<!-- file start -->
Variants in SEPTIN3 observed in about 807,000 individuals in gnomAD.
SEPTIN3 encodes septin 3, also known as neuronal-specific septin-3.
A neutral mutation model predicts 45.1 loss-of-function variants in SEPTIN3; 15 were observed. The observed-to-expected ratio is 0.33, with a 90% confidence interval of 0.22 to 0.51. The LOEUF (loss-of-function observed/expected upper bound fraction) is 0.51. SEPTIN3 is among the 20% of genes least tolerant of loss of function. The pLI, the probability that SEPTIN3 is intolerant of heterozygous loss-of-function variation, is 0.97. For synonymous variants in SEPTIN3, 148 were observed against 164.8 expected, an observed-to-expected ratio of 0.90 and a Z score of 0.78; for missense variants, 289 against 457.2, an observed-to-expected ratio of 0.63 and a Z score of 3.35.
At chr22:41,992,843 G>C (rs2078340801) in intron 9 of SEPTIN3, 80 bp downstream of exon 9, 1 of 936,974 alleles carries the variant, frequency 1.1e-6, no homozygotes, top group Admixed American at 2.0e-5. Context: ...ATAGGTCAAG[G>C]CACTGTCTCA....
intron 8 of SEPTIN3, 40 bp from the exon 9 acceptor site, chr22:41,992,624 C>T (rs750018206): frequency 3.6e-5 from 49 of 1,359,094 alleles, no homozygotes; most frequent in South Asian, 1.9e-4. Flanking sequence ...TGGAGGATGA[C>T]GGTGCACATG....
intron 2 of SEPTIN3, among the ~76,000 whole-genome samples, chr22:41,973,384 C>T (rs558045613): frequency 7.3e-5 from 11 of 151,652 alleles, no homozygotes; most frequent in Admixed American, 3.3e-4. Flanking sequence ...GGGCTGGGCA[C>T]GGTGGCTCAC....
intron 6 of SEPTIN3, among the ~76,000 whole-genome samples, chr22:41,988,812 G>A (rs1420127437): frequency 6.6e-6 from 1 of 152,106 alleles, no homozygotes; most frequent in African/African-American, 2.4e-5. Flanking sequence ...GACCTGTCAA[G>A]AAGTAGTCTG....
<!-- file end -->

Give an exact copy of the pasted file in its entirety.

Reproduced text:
Variants in SEPTIN3 observed in about 807,000 individuals in gnomAD.
SEPTIN3 encodes septin 3, also known as neuronal-specific septin-3.
A neutral mutation model predicts 45.1 loss-of-function variants in SEPTIN3; 15 were observed. The observed-to-expected ratio is 0.33, with a 90% confidence interval of 0.22 to 0.51. The LOEUF (loss-of-function observed/expected upper bound fraction) is 0.51. SEPTIN3 is among the 20% of genes least tolerant of loss of function. The pLI, the probability that SEPTIN3 is intolerant of heterozygous loss-of-function variation, is 0.97. For synonymous variants in SEPTIN3, 148 were observed against 164.8 expected, an observed-to-expected ratio of 0.90 and a Z score of 0.78; for missense variants, 289 against 457.2, an observed-to-expected ratio of 0.63 and a Z score of 3.35.
At chr22:41,992,843 G>C (rs2078340801) in intron 9 of SEPTIN3, 80 bp downstream of exon 9, 1 of 936,974 alleles carries the variant, frequency 1.1e-6, no homozygotes, top group Admixed American at 2.0e-5. Context: ...ATAGGTCAAG[G>C]CACTGTCTCA....
intron 8 of SEPTIN3, 40 bp from the exon 9 acceptor site, chr22:41,992,624 C>T (rs750018206): frequency 3.6e-5 from 49 of 1,359,094 alleles, no homozygotes; most frequent in South Asian, 1.9e-4. Flanking sequence ...TGGAGGATGA[C>T]GGTGCACATG....
intron 2 of SEPTIN3, among the ~76,000 whole-genome samples, chr22:41,973,384 C>T (rs558045613): frequency 7.3e-5 from 11 of 151,652 alleles, no homozygotes; most frequent in Admixed American, 3.3e-4. Flanking sequence ...GGGCTGGGCA[C>T]GGTGGCTCAC....
intron 6 of SEPTIN3, among the ~76,000 whole-genome samples, chr22:41,988,812 G>A (rs1420127437): frequency 6.6e-6 from 1 of 152,106 alleles, no homozygotes; most frequent in African/African-American, 2.4e-5. Flanking sequence ...GACCTGTCAA[G>A]AAGTAGTCTG....